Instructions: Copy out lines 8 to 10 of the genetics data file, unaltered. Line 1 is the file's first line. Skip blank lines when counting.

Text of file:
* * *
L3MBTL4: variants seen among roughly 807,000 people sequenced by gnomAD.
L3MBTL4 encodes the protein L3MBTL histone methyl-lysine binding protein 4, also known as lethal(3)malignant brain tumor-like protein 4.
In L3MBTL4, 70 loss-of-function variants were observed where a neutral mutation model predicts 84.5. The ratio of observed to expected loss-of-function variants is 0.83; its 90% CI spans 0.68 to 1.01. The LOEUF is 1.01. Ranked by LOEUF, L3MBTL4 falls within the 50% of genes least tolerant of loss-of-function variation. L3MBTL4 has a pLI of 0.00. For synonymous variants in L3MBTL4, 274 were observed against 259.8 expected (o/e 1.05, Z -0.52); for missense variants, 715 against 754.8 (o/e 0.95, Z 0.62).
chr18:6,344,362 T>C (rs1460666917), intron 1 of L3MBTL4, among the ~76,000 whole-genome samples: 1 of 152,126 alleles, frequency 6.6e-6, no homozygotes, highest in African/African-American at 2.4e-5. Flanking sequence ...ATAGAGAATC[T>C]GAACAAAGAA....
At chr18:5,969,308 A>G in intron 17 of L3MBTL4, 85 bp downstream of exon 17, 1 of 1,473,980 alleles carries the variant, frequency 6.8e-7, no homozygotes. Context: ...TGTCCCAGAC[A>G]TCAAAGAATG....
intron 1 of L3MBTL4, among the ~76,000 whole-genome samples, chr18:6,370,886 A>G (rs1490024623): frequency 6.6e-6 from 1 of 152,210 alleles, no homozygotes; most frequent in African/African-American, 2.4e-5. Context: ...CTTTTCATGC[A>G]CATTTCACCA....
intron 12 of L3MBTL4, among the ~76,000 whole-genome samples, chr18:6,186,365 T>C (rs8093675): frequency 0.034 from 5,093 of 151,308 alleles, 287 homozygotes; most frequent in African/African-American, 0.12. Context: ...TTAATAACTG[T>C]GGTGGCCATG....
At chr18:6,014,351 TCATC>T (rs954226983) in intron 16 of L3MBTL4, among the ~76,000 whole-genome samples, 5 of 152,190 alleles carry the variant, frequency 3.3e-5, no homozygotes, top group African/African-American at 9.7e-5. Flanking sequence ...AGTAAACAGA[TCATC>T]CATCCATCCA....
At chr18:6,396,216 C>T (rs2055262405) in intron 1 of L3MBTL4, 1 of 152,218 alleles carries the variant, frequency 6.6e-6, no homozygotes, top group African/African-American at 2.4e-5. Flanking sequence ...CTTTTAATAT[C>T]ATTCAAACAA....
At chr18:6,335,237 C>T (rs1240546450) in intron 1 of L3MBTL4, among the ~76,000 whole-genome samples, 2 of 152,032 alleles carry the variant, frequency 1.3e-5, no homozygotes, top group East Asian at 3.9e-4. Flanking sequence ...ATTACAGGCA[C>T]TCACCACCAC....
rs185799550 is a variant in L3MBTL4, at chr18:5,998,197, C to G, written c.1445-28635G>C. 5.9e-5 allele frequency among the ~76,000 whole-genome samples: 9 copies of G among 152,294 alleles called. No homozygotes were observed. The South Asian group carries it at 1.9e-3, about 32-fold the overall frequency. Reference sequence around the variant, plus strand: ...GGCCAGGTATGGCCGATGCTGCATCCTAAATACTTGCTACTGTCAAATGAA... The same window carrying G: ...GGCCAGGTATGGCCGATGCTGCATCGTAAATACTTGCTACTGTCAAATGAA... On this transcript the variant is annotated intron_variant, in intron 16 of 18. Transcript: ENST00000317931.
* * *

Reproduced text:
At chr18:6,014,351 TCATC>T (rs954226983) in intron 16 of L3MBTL4, among the ~76,000 whole-genome samples, 5 of 152,190 alleles carry the variant, frequency 3.3e-5, no homozygotes, top group African/African-American at 9.7e-5. Flanking sequence ...AGTAAACAGA[TCATC>T]CATCCATCCA....
At chr18:6,396,216 C>T (rs2055262405) in intron 1 of L3MBTL4, 1 of 152,218 alleles carries the variant, frequency 6.6e-6, no homozygotes, top group African/African-American at 2.4e-5. Flanking sequence ...CTTTTAATAT[C>T]ATTCAAACAA....
At chr18:6,335,237 C>T (rs1240546450) in intron 1 of L3MBTL4, among the ~76,000 whole-genome samples, 2 of 152,032 alleles carry the variant, frequency 1.3e-5, no homozygotes, top group East Asian at 3.9e-4. Flanking sequence ...ATTACAGGCA[C>T]TCACCACCAC....